11:42: Governor Spitzer is in the building. It seems we’re about to get underway.
11:43: Governor Spitzer takes the podium and unfolds a small piece of paper; it looks like he’ll be speaking from notes. He’s wearing a dark suit and white shirt — the uniform of the upstanding prosecutor. But should he still be allowed to wear a white shirt? It’s like a super-slutty bride wearing white on her wedding day. Who are you fooling?
Governor Spitzer’s wife, Silda Wall Spitzer, is once again standing by her man — literally, and as she did on Monday. She’s wearing a dark suit and a fabulous scarf (red, blue, cream, and gold). But she looks a bit haggard, and her face bears a dead expression. She’s not a happy camper.
11:44: Governor Spitzer speaks. Expressions of remorse for what he did, and gratitude for his family’s love and support. Emphasis on “private” failings. Apologies to the people of New York for not living up to their public trust. No specific description of his indiscretions.
11:45: “I cannot allow my private failings to disturb the people’s work… For this reason, I am resigning from the Office of Governor.” At Lieutenant Governor David Paterson’s request, it will take effect on Monday, March 17.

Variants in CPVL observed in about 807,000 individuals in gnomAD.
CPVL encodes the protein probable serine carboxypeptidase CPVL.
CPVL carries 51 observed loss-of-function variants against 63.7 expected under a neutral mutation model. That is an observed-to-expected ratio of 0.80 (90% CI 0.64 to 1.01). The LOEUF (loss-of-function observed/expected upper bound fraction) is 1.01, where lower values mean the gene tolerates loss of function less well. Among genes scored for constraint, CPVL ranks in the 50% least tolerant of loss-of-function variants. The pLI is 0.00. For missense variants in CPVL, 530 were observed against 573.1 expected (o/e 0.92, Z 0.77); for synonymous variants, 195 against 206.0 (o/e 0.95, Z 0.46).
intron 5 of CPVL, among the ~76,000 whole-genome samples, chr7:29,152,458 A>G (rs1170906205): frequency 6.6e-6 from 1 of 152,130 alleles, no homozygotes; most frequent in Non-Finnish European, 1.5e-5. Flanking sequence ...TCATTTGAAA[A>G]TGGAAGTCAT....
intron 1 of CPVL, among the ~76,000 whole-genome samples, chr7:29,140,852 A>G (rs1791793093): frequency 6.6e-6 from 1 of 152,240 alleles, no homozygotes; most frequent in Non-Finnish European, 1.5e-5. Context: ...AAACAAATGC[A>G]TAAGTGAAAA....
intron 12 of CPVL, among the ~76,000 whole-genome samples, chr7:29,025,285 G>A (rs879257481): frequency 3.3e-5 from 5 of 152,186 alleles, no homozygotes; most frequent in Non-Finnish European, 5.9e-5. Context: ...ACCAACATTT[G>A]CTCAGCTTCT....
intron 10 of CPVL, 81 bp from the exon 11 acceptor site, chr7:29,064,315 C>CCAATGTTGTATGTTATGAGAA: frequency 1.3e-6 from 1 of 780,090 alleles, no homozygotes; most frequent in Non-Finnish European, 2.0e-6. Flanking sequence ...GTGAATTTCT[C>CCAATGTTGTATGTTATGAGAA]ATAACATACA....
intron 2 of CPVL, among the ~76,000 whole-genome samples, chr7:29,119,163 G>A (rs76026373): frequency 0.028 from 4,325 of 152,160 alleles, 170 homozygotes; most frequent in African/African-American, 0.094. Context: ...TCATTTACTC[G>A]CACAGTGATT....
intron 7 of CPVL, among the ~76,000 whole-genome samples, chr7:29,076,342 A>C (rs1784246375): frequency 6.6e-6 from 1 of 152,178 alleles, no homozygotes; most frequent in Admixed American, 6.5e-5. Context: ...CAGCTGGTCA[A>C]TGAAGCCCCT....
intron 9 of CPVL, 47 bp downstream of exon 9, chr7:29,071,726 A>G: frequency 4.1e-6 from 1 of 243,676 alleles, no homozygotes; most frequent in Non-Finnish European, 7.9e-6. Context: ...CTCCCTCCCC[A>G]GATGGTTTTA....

11:46: Concludes by expressing thanks for “the privilege of service.” He borrowed that line from “Kristen.”
No questions. Governor Spitzer has left the podium and the room.
That’s all, folks. Nothing to see here; please move along. Update: The full text of Eliot Spitzer’s resignation statement appears here. Earlier: Lawyerly Lairs: Eliot Spitzer’s Sugar Daddy
Ed. note: The Asia Chronicles column is authored by Kinney Recruiting. Kinney has made more placements of U.S. associates, counsels and partners in Asia than any other recruiting firm in each of the past seven years. You can reach them by email: firstname.lastname@example.org.
We at Kinney Asia have made a number of FCPA / White Collar US associate placements in Hong Kong / China thus far in 2014. Most of such placements have been commercial litigation associates from major US markets, fluent in Mandarin, switching to FCPA / White Collar litigation. Some have already had FCPA experience, but those are difficult candidates for firms to find (this will change in coming years as US firms are now promoting FCPA / White Collar to their 2L summers who are fluent in Mandarin and have an interest in transferring to China at some point).